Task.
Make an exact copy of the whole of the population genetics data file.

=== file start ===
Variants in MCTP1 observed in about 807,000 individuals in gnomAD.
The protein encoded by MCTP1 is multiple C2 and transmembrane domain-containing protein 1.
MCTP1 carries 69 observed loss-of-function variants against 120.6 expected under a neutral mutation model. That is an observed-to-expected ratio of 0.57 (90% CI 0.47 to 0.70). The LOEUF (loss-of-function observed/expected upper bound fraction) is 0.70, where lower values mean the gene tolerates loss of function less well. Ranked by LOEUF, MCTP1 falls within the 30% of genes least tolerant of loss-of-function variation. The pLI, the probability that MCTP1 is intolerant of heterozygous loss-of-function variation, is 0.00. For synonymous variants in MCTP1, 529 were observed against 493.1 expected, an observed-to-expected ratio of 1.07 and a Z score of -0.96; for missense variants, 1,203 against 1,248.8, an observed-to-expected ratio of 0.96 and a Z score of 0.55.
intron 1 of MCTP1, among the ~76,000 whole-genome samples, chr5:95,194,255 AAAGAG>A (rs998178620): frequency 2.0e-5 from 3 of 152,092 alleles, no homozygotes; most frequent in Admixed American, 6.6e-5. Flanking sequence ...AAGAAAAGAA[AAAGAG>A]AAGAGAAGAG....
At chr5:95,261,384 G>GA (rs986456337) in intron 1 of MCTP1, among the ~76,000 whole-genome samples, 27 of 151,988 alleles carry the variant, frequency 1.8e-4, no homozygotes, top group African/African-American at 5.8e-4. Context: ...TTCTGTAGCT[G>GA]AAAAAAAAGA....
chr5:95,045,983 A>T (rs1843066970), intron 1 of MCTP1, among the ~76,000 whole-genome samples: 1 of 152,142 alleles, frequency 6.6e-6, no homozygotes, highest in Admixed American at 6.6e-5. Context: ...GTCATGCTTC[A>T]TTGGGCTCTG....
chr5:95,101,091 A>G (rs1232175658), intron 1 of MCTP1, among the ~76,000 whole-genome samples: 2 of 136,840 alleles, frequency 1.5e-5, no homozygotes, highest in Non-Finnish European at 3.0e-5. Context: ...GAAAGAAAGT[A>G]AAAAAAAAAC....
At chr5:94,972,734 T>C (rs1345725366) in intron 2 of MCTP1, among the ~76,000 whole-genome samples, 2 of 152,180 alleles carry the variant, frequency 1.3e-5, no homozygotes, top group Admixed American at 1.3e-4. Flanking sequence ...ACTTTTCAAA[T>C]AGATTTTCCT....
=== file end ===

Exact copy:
Variants in MCTP1 observed in about 807,000 individuals in gnomAD.
The protein encoded by MCTP1 is multiple C2 and transmembrane domain-containing protein 1.
MCTP1 carries 69 observed loss-of-function variants against 120.6 expected under a neutral mutation model. That is an observed-to-expected ratio of 0.57 (90% CI 0.47 to 0.70). The LOEUF (loss-of-function observed/expected upper bound fraction) is 0.70, where lower values mean the gene tolerates loss of function less well. Ranked by LOEUF, MCTP1 falls within the 30% of genes least tolerant of loss-of-function variation. The pLI, the probability that MCTP1 is intolerant of heterozygous loss-of-function variation, is 0.00. For synonymous variants in MCTP1, 529 were observed against 493.1 expected, an observed-to-expected ratio of 1.07 and a Z score of -0.96; for missense variants, 1,203 against 1,248.8, an observed-to-expected ratio of 0.96 and a Z score of 0.55.
intron 1 of MCTP1, among the ~76,000 whole-genome samples, chr5:95,194,255 AAAGAG>A (rs998178620): frequency 2.0e-5 from 3 of 152,092 alleles, no homozygotes; most frequent in Admixed American, 6.6e-5. Flanking sequence ...AAGAAAAGAA[AAAGAG>A]AAGAGAAGAG....
At chr5:95,261,384 G>GA (rs986456337) in intron 1 of MCTP1, among the ~76,000 whole-genome samples, 27 of 151,988 alleles carry the variant, frequency 1.8e-4, no homozygotes, top group African/African-American at 5.8e-4. Context: ...TTCTGTAGCT[G>GA]AAAAAAAAGA....
chr5:95,045,983 A>T (rs1843066970), intron 1 of MCTP1, among the ~76,000 whole-genome samples: 1 of 152,142 alleles, frequency 6.6e-6, no homozygotes, highest in Admixed American at 6.6e-5. Context: ...GTCATGCTTC[A>T]TTGGGCTCTG....
chr5:95,101,091 A>G (rs1232175658), intron 1 of MCTP1, among the ~76,000 whole-genome samples: 2 of 136,840 alleles, frequency 1.5e-5, no homozygotes, highest in Non-Finnish European at 3.0e-5. Context: ...GAAAGAAAGT[A>G]AAAAAAAAAC....
At chr5:94,972,734 T>C (rs1345725366) in intron 2 of MCTP1, among the ~76,000 whole-genome samples, 2 of 152,180 alleles carry the variant, frequency 1.3e-5, no homozygotes, top group Admixed American at 1.3e-4. Flanking sequence ...ACTTTTCAAA[T>C]AGATTTTCCT....